Writing before the bill, Krugman had pointed out that “Remember, Senate leaders rushed this bill to the floor without holding any hearings or soliciting expert testimony (and tax policy is an area where you really, really need to hear from experts, lawyers and accountants even more than economists) .. there’s no precedent for this frantic rush to pass major legislation before anyone can figure out what’s in it or what it does.”
Krugman is not the only commentator to take issue with the flawed, rushed process. John Cassidy, from the The New Yorker added: “When a Republican Administration last conducted a thorough overhaul of the tax code, in 1986, there were more than a dozen hearings in Congress, and the process took more than six months. This time, there have been no public hearings, and the measure is being rushed through in a few weeks, with virtually no transparency.”
In the coming days, “The Senate and House tax bills will have to be reconciled, but it’s now perfectly possible that President Trump will get to sign the final legislation before Christmas”, Cassidy wrote.”If that happens, the process of getting there will have been a travesty of the legislative process.”
The bill also gives further tax giveaways to the oil industry, leading to Janet Redman, from Oil Change International to argue that: “the GOP’s generosity to the dirty energy industry in the tax bill stands in stark contrast to their reticence to fully fund climate disaster relief for Harvey, Irma and Maria victims. This isn’t reform, it’s a rip off.”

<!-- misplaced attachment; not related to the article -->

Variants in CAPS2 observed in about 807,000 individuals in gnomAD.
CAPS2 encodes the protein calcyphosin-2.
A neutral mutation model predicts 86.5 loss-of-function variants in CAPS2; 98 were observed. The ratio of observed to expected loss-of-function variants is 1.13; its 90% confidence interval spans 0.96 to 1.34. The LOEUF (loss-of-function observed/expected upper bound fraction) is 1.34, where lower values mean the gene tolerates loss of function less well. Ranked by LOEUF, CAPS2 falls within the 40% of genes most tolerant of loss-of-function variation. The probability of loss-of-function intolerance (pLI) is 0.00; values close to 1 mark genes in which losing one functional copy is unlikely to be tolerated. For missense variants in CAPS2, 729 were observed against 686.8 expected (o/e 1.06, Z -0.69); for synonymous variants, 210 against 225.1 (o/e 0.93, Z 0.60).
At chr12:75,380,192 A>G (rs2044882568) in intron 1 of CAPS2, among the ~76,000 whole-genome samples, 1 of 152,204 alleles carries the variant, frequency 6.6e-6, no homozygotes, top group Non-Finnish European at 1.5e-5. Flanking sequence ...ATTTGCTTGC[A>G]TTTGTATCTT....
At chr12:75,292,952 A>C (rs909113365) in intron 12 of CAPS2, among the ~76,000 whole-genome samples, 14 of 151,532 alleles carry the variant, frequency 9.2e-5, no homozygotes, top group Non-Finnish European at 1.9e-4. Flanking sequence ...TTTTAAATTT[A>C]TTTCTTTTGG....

But it gets worse.
This tax travesty bill also includes opening up the Arctic National Wildlife Refuge, which has been a battleground between the oil industry, First nations and the oil industry for decades.
As the Hill notes, “While the House’s version of the tax bill does not include ANWR drilling, the provision is likely to survive in the final legislation and become law if it reaches President Trump’s desk.”
ANWR is not a fight that will be given up lightly.
The Hill notes that “even if the policy is approved, ANWR drilling is far from certain. Companies are unlikely to jump at the opportunity to drill there, analysts say, and any exploration is likely years away.”
And every step of the way is likely to be challenged in the courts. Marissa Knodel from Earthjustice, said: “The fight to protect the Arctic Refuge has been going on for longer than 30 years, and it will continue beyond the pending vote on tax reform.”
A spokesperson for Greenpeace spokesman, Travis Nichols, also told the Hill: “When Shell tried to drill in the Arctic Ocean, they met unprecedented resistance. If Trump and his oil and gas cronies try to exploit one of the most vulnerable areas on earth for more profits for their dead-end industry, they’re very likely to see more of the same.”
Alaskan First Nations have been fighting ANWR for decades, too. In the days before the tax vote, the local Gwitch’in Steering Committee held rallies in downtown Fairbanks to show their opposition to the ANWR drilling plans.
Bernadette Demientieff; Executive Director of the committee, said: “It’s very a scary time for our people because the Arctic refuge, the porcupine caribou herd and the Gwich’in are entwined. We are one people, we are one with the caribou. They are a huge part of our identity as indigenous people.”